While not technically part of the “Millennium Collection” series, VH-1 Behind the Music: The Go-Go’s Collection certainly belongs in spirit. Much has been writen about the Go-Go’s indelible influence on music, especially on female artists and the riot grrrl movement, and I’m sure it doesn’t need to be gone over again here. Suffice to say that this band is Important with the capital “I,” and this collection does a fine job of showing why, collecting hits like “We Got the Beat,” “Our Lips Are Sealed,” and “Vacation” alongside lesser-known but equally important tracks like “Lust To Love,” “Skidmarks on My Heart,” and “Girl of 100 Lists.” There’s even a nifty rarity in the form of “Speeding,” the B-side of the 1982 single “Get Up and Go.” While not the most complete collection (that honor still goes to the double-disc Return to the Valley of the Go-Go’s), it’s an excellent collection for the casual listener, or for someone new to this seminal band.

I probably owe my life to Tears For Fears. When teen angst was at its toughest, when I was going through the messes we all go through in the awkward years of junior high, no matter how depressed I’d get, I’d put on Songs From the Big Chair, and by album’s end, I’d somehow feel better. It’s that powerful an album. Unsurprisingly, this Best Of sticks largely with Big Chair, which was also their most commercially successful record, featuring such hits as “Everybody Wants to Rule the World,” “Shout,” and “Head Over Heels.” Even today, hearing these songs somehow helps me find the strength to go on, no matter what challenges I may face. Surprisingly, though, this collection pales in comparison to 1992’s Tears Roll Down collection, in that it includes only one song from their excellent debut album, The Hurting (that being “Change,” on an extended version), and omits “Laid So Low (Tears Roll Down)” from 1989’s Seeds Of Love, the band’s final album as a duo. Even more surprising is that the collection ignores virtually all the material that Roland Orzabal recorded under the TFF banner after Curt Smith departed following Seeds, including only the minor hit “Break It Down Again” from 1993’s Elemental. Despite being a bit disappointing to a hardcore TFF fan, this collection should more than serve the casual listener, especially one that only remembers the band from the hits, and along with the Go-Go’s collection, stands as the best of this bunch.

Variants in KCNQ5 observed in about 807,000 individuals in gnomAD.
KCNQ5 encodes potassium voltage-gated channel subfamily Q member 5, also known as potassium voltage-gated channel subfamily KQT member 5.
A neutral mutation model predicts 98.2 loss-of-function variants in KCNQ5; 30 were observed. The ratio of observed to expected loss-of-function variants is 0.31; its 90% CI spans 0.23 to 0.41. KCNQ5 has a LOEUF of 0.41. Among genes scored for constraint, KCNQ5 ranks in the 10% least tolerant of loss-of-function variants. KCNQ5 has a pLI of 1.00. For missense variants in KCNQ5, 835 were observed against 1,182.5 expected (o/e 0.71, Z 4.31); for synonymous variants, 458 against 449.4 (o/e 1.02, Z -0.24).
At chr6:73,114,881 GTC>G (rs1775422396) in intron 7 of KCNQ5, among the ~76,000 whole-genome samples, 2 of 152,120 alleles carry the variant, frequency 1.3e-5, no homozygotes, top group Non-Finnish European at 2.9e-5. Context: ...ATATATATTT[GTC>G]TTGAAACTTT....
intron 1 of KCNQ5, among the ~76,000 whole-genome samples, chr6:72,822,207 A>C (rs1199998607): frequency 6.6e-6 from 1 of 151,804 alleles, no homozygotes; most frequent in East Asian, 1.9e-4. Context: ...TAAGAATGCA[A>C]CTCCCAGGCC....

All of the “Millennium Collections” feature a sharp, uniform package design that makes them look very nice, and more importantly, lovingly assembled liner notes with detailed chart info, plenty of photos, and an in-depth essay explaining the band’s appeal, historical significance, and what the members are up to now. “The Millennium Collections” on a whole are a fine series, even if they do make me feel grey before my time (hey guys, come on, I’m not even 30 yet!). All are recommended to fans of ’80s music or the individual bands, with the Go-Go’s and Tears For Fears collections standing out over and above the pack as essential listening for all.